On being a digital immigrant & choices

I parted ways with Instagram, FaceBook, and Twitter two months ago. An interesting set of changes happened after that.

“We are all digital immigrants. While the younger generations are true natives.” This is something that I heard last week in a meeting. Well, that’s sort of the point of this post I guess. Social media is an awesome tool and a great thing, and yes, I do belong to several digital social networks still; The American Heart Association Support Group and Linked In for two examples.

Yet, around the time of the Cambridge Analytica I started to think about my own use of social media. So, as the digital immigrant I am, I downloaded a phone app and tracked how many times I opened FaceBook, Twitter and Instagram. The results really gave me pause. This is what I discovered as a result:

  • I am thinking less in terms of potential status updates and photos – which was weird to start with
  • I have more time
  • I feel less distracted
  • It takes more effort to stay plugged in with friends – like old school face to face
  • I don’t use my mobile phone for much except, interestingly enough, as a phone, GPS, calendar and for Spotify now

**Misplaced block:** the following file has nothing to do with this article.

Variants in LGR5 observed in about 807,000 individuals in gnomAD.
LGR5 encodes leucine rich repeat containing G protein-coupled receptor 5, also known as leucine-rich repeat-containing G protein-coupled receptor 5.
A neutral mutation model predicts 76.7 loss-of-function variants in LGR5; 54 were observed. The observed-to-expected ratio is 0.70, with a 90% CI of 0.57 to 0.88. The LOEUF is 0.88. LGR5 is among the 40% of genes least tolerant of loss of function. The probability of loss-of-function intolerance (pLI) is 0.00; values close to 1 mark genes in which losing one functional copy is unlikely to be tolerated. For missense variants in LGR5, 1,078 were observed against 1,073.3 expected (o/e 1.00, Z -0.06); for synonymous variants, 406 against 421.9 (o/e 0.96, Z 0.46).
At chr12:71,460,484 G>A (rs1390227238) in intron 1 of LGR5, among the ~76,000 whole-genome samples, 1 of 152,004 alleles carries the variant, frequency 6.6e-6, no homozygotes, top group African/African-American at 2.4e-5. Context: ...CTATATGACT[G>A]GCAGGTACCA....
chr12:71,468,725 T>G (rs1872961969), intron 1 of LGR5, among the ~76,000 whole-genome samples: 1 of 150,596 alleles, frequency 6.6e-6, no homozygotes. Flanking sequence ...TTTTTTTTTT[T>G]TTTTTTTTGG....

• I feel more centered – which is sometimes terrifying without the distraction away from those thoughts
  • I almost deleted my blog but decided to keep that presence, for better or worse, after talking with my husband and some friends
  • I have more time to spend planning fun things for myself outdoors solo rather than keeping up on what everyone else is doing

In the end though, I think it’s about basic choices and commons sense. While I didn’t have negative feelings toward these tools, I made a choice to unclutter my daily workflow. Just a little. The end results have taught me more about myself than I expected. I feel like I rediscovered my voice in the process without casting the natives in a negative light. It’s a big world in constant flux between the old paving the way for the new in this endless spiral of renewal. That’s the beauty of culture I suppose.

A moment

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